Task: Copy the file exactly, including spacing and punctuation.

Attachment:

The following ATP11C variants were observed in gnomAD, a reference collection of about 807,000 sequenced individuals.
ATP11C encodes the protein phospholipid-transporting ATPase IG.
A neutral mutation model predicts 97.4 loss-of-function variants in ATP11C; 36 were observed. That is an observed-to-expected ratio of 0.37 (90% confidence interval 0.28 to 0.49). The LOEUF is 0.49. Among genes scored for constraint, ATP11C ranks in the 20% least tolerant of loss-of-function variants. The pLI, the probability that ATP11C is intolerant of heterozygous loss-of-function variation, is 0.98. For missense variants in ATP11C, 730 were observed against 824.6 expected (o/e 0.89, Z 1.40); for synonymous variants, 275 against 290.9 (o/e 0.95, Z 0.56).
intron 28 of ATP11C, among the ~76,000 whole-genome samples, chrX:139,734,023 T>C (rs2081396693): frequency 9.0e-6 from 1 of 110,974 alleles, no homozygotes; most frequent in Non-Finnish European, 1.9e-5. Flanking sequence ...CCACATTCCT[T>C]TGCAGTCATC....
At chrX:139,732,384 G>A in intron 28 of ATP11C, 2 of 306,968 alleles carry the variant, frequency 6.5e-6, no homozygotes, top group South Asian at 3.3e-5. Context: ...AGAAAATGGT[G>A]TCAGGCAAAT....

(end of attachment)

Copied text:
The following ATP11C variants were observed in gnomAD, a reference collection of about 807,000 sequenced individuals.
ATP11C encodes the protein phospholipid-transporting ATPase IG.
A neutral mutation model predicts 97.4 loss-of-function variants in ATP11C; 36 were observed. That is an observed-to-expected ratio of 0.37 (90% confidence interval 0.28 to 0.49). The LOEUF is 0.49. Among genes scored for constraint, ATP11C ranks in the 20% least tolerant of loss-of-function variants. The pLI, the probability that ATP11C is intolerant of heterozygous loss-of-function variation, is 0.98. For missense variants in ATP11C, 730 were observed against 824.6 expected (o/e 0.89, Z 1.40); for synonymous variants, 275 against 290.9 (o/e 0.95, Z 0.56).
intron 28 of ATP11C, among the ~76,000 whole-genome samples, chrX:139,734,023 T>C (rs2081396693): frequency 9.0e-6 from 1 of 110,974 alleles, no homozygotes; most frequent in Non-Finnish European, 1.9e-5. Flanking sequence ...CCACATTCCT[T>C]TGCAGTCATC....
At chrX:139,732,384 G>A in intron 28 of ATP11C, 2 of 306,968 alleles carry the variant, frequency 6.5e-6, no homozygotes, top group South Asian at 3.3e-5. Context: ...AGAAAATGGT[G>A]TCAGGCAAAT....